The Tale of Princess Kaguya
- Street Date:
- February 17th, 2015
- Reviewed by:
- Bryan Kluger
- Review Date: 1
- February 18th, 2015
- Movie Release Year:
- 137 Minutes
- MPAA Rating:
- Release Country
- United States
The Movie Itself: Our Reviewer's Take
The famous Japanese movie production company ‘Studio Ghibli‘ is known mostly for Hayao Miyazaki’s film resume that ranges from ‘Spirited Away‘ to ‘The Wind Rises‘. Studio Ghibli continues to put out beautiful and important animated films that not only tell an amazing story, but it also touches on several political, religious, and societal issues that are relevant all over the world. And Miyazaki’s films have conjured up a large global audience that has developed into a cult following that is bigger than ever today.
But this film ‘The Tale of Princess Kaguya‘ is not a Miyazaki film. Instead, this is an Isao Takahata picture. This is a 137 minute film that is 100 percent hand drawn and is a story from the 10th century, which is called ‘The Tale of the Bamboo Cutter‘. Many people say that this is one of the first if not the first science fiction story ever thought up. And when I say science-fiction, I’m not insinuating aliens, space ships or far off planets with lasers. Instead, this wonderful story starts out with a middle aged man and his wife who live a quiet life in the mountains.
This man is a bamboo cutter, who uses bamboo for food, shelter, baskets, and clothing. While working in the bamboo field, he notices a strange glow from one of the bamboo trees. When he investigates, he notices a little seedling that is rapidly growing. In it is a tiny little person who is alive. He takes this small person back to his wife where it transforms into a baby girl, who grows very fast too. The bamboo cutter and his wife think that heaven sent her down to Earth to become the most beautiful princess there ever was. As she grows up fast, her parents collect gold and fine clothing from the magical bamboo tree, which he has a giant palace in the city built for her.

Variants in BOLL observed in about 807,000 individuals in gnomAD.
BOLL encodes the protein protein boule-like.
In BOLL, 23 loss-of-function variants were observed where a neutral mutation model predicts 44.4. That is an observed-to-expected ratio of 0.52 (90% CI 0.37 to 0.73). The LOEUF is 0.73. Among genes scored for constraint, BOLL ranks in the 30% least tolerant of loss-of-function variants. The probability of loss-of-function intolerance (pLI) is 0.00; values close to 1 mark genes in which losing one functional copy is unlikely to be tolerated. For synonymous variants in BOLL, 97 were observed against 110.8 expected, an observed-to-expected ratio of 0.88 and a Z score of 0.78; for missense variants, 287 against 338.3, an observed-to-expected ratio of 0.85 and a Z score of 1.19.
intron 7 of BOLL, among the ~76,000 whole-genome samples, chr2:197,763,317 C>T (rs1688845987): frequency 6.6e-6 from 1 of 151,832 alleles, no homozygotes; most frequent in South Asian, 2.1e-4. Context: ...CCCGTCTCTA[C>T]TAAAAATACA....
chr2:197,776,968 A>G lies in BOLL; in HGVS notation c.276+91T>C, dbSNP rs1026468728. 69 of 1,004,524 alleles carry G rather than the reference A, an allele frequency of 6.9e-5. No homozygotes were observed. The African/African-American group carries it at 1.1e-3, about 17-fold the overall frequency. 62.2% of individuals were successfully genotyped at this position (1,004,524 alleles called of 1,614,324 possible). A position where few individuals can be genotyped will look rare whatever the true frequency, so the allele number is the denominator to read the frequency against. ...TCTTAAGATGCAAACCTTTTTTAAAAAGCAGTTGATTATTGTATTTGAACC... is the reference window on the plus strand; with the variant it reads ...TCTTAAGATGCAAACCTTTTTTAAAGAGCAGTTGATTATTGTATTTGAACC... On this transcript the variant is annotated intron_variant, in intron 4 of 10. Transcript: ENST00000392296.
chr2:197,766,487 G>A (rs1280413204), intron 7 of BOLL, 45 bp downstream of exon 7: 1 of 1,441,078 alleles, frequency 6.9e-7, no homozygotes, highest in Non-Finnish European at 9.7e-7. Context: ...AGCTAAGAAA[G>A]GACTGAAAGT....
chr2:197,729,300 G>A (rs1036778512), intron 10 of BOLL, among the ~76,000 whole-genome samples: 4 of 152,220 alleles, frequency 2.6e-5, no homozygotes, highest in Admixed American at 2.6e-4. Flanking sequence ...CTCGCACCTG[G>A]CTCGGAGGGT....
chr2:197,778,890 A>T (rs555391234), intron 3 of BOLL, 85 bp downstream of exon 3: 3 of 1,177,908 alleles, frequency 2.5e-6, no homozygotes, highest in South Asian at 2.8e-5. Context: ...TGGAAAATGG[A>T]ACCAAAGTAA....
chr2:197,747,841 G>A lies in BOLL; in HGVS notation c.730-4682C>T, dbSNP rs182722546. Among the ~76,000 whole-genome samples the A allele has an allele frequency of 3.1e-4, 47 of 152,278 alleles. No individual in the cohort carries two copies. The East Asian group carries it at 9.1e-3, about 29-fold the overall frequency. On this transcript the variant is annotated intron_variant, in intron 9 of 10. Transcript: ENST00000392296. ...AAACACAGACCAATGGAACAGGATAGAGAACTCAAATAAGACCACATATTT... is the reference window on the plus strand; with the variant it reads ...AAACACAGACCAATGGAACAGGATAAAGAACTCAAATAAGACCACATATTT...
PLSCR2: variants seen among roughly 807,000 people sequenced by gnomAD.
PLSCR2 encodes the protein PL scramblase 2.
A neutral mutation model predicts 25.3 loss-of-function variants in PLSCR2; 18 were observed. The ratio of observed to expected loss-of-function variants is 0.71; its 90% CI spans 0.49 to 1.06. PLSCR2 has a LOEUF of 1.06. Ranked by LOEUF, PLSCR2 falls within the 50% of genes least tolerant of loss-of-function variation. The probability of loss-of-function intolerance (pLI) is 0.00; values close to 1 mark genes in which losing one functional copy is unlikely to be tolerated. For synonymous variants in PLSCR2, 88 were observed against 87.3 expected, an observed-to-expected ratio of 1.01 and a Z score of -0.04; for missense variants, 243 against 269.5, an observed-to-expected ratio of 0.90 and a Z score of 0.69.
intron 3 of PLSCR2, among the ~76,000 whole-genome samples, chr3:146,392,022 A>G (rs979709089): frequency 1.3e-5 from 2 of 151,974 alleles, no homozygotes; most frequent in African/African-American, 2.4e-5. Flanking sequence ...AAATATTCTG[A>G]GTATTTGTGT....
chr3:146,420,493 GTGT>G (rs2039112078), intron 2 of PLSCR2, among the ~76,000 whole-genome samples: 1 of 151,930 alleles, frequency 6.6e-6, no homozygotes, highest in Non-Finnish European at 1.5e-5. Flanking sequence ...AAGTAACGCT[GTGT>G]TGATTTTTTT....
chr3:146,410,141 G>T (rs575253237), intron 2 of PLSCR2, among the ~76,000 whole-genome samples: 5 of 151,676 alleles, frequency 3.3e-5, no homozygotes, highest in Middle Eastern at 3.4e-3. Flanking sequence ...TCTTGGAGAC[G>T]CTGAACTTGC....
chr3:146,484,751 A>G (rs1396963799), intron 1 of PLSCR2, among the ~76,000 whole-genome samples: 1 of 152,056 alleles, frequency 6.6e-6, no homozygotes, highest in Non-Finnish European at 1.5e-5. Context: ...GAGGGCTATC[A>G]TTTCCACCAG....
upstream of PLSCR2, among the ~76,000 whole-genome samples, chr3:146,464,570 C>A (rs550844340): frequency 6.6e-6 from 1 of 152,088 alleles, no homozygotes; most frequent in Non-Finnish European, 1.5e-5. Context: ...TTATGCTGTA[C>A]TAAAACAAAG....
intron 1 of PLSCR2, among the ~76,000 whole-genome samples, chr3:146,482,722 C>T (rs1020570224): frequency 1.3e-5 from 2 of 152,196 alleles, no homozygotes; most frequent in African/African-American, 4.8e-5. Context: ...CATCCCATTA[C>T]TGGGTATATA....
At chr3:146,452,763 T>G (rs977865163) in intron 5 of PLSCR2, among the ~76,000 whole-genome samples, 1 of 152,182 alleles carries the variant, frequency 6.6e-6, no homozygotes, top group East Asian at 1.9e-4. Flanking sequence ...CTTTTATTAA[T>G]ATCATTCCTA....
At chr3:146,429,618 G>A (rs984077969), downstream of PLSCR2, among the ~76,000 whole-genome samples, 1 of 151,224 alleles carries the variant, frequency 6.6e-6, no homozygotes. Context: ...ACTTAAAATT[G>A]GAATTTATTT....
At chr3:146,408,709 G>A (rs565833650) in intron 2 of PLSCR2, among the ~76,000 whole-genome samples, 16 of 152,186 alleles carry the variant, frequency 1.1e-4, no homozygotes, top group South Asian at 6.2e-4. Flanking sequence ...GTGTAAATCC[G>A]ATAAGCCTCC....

The bulk of this long movie shows this magical princess growing up and adjusting to her new wealthy and powerful life. Her father hires a teacher to instruct her on how to be a proper lady and princess, but the princess would rather laugh, dance, play in the fields, and sing than live a life of boredom in 10th century Japan. In addition to this being one of the first science-fiction stories, it also has a lot of feministic and women’s rights qualities to it, which is always great to see.
Another big part of the story has five of the wealthiest and powerful men in Japan vying for her love and hand in marriage. Yet she has never met any of them. She sends each of them on impossible tasks to prove their love for her, but it’s really a ploy to see if they truly care about her or if they just want her as a piece of property. One of the overall story arcs is the love between the princess and a young boy she was friends with when they were little, where their paths cross rarely throughout the course of this movie, but their love is still binding them together, even they are so far away.
This PG family friendly film might be too slow for most, whereas anime buffs might take a stronger liking to it, but as the ending draws closer, the more bizarre it gets, taking you out of the whole point of the story. The best parts are towards the beginning of the film, watching the princess grow up. It has such a wonderful and carefree charm about it that should make you smile. The animation is beautiful and simple and wonderfully colored. It’s a real treat to see something illustrated fully by hand without the use of computers these days. The 137 minute run time is a bit long and could have played out better as a mini series, as this film is fairly episodic, but none-the-less, it’s an excellent piece of animation and a great story. I just think it got away from itself from time to time and took too long to tell.